Very attractive Chinese cloisonné playing card box for 2 decks, date unknown, with enamel on brass. The central design of the lid depicts a Chinese garden scene.
Wikipedia describes the cloisonné process:
“Cloisonné is an ancient technique for decorating metalwork objects, in recent centuries using vitreous enamel, and in older periods also inlays of cut gemstones, glass, and other materials. The resulting objects can also be called cloisonné. The decoration is formed by first adding compartments (cloisons in French) to the metal object by soldering or adhering silver or gold wires or thin strips placed on their edges. These remain visible in the finished piece, separating the different compartments of the enamel or inlays, which are often of several colors. Cloisonné enamel objects are worked on with enamel powder made into a paste, which then needs to be fired in a kiln.
“The technique was in ancient times mostly used for jewellery and small fittings for clothes, weapons or similar small objects decorated with geometric or schematic designs, with thick cloison walls. In the Byzantine Empire techniques using thinner wires were developed to allow more pictorial images to be produced, mostly used for religious images and jewellery, and now always using enamel. By the 14th century this enamel technique had spread to China, where it was soon used for much larger vessels such as bowls and vases; the technique remains common in China to the present day, and cloisonné enamel objects using Chinese-derived styles were produced in the West from the 18th century.”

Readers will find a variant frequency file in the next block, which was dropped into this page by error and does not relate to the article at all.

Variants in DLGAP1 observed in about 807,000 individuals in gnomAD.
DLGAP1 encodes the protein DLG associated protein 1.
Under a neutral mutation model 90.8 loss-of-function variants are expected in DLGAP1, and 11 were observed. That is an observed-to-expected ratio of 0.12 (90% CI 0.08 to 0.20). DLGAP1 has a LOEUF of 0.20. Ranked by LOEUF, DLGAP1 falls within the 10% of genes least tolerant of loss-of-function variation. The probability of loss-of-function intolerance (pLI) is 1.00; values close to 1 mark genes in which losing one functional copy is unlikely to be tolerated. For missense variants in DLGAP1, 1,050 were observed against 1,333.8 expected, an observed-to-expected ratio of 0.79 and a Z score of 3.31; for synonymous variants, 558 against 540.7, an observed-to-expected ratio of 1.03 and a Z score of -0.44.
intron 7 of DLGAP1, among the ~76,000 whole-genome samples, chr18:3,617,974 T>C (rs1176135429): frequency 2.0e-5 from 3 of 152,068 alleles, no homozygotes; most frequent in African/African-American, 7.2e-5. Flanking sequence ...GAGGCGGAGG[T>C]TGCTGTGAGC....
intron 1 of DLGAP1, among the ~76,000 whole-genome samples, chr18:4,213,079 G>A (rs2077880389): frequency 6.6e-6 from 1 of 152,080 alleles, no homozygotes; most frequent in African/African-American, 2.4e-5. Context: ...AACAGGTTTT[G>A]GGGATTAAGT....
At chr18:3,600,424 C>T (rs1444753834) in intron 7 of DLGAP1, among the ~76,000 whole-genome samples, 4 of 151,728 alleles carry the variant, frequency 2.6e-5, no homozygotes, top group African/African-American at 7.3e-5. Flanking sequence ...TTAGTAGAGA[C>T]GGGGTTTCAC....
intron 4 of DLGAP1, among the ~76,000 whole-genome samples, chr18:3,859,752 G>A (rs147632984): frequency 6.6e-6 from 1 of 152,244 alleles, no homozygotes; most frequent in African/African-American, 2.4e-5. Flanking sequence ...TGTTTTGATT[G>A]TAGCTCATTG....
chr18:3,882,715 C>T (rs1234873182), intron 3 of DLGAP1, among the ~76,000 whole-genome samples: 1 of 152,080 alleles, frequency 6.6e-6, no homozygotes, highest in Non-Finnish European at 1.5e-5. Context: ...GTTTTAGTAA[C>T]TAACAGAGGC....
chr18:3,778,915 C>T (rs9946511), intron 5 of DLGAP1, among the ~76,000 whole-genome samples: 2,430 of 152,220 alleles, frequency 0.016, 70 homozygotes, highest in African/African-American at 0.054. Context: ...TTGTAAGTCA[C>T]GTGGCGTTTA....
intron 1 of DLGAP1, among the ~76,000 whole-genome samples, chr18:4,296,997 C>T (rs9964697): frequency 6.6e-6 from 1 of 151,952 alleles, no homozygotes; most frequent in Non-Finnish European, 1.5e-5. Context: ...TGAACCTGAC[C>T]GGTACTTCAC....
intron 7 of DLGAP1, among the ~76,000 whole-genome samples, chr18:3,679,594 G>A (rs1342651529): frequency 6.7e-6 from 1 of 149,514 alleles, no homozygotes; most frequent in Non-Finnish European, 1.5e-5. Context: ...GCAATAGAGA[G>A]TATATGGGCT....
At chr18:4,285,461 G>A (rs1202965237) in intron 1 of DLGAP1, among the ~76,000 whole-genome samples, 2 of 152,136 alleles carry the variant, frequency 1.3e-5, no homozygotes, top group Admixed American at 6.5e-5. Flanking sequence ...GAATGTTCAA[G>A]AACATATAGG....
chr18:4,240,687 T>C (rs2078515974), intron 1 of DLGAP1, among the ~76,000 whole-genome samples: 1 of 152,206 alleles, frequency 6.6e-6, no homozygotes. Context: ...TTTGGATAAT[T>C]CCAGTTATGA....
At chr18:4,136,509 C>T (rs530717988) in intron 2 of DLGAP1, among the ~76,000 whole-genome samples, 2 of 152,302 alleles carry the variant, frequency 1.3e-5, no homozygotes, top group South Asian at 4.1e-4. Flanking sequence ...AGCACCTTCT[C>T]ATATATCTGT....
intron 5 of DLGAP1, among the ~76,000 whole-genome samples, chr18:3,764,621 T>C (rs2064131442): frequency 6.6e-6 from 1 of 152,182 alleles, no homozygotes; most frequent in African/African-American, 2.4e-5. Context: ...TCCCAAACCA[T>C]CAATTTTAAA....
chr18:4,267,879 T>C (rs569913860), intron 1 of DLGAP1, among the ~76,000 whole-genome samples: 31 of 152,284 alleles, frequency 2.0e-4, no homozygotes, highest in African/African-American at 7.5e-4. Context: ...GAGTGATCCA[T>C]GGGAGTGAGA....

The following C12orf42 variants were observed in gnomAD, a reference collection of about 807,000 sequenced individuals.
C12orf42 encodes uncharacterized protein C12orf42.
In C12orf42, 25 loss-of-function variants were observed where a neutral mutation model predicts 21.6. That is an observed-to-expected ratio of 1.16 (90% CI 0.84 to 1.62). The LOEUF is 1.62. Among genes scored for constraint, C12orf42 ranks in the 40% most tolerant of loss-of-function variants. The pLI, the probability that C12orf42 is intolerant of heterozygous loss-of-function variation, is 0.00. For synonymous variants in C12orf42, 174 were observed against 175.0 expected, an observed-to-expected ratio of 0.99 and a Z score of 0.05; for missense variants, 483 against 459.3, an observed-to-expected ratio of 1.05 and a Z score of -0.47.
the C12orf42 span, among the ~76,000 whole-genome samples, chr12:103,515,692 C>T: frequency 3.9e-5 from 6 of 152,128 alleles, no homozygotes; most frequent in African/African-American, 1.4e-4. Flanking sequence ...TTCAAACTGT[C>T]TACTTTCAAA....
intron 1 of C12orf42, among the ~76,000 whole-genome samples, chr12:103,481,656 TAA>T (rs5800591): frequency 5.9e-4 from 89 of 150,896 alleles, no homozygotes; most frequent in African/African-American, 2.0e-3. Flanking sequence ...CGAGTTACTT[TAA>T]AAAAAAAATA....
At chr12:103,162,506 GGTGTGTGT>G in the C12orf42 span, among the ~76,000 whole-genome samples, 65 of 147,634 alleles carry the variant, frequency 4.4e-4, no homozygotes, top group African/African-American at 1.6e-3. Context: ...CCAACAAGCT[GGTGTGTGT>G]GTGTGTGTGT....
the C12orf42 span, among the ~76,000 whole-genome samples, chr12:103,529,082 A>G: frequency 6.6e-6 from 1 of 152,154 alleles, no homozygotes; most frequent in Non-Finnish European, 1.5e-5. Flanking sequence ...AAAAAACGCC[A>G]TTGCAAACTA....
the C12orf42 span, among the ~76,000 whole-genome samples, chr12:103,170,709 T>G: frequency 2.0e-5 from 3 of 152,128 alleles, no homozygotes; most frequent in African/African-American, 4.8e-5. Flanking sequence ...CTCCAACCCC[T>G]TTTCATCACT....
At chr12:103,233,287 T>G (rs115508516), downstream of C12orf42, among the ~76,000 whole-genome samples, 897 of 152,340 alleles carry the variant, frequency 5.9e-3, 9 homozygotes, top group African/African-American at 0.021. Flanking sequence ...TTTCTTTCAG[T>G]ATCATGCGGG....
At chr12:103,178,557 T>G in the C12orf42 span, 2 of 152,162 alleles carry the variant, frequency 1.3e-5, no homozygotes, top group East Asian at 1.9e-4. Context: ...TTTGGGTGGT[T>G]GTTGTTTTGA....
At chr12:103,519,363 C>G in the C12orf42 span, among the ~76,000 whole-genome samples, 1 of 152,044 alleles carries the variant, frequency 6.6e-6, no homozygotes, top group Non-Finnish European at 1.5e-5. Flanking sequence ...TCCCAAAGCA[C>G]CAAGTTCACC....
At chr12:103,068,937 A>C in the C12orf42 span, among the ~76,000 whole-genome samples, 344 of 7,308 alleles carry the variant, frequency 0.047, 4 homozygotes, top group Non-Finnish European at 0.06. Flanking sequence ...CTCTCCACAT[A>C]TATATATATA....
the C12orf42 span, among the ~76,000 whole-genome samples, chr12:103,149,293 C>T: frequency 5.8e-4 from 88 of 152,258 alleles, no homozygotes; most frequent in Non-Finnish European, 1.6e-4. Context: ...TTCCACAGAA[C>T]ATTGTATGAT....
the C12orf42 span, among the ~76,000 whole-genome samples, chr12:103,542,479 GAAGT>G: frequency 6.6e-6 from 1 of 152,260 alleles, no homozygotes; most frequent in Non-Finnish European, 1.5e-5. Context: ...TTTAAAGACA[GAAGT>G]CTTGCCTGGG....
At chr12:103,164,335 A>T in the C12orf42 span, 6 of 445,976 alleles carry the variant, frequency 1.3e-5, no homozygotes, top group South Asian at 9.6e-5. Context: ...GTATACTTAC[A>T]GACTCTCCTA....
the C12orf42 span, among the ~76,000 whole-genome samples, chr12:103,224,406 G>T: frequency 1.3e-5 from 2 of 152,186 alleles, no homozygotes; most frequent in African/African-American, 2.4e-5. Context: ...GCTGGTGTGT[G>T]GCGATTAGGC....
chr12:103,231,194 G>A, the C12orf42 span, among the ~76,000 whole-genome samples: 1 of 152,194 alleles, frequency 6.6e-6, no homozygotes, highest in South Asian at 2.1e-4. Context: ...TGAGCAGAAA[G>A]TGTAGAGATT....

The box measures approximately 150mm x 120mm and is 20 mm high. More important, however, are the dimensions of each interior section that houses a deck of cards. Each interior section is approximately 112mm x 74mm, but is only about 16mm high. What this means is that each section inside will accommodate the length and width of decks that are significantly longer and wider than conventional modern decks, including the boxes of those decks, but has a difficult time accommodating the thickness of conventional 52-card decks, with their boxes, because of height limitations. For example, the Dondorf No. 303 deck for sale in this shop (T00002085), with its box, fits comfortably inside one of the sections of this piece, where it would not fit inside many typical card boxes; however, that deck is only a 36-card deck. In contrast, the Banco deck for sale in this shop (T00002080) is too thick to fit with its box, even though an interior section is easily long enough and wide enough to accept it.
The lid is “scrolled” in front to assist in opening the box.
There are 2 or 3 very small places within the central design on the lid that show slight enamel loss. Otherwise, the piece is in excellent condition. The brass might benefit from a polish, but in the years I have owned the box I have not attempted it.
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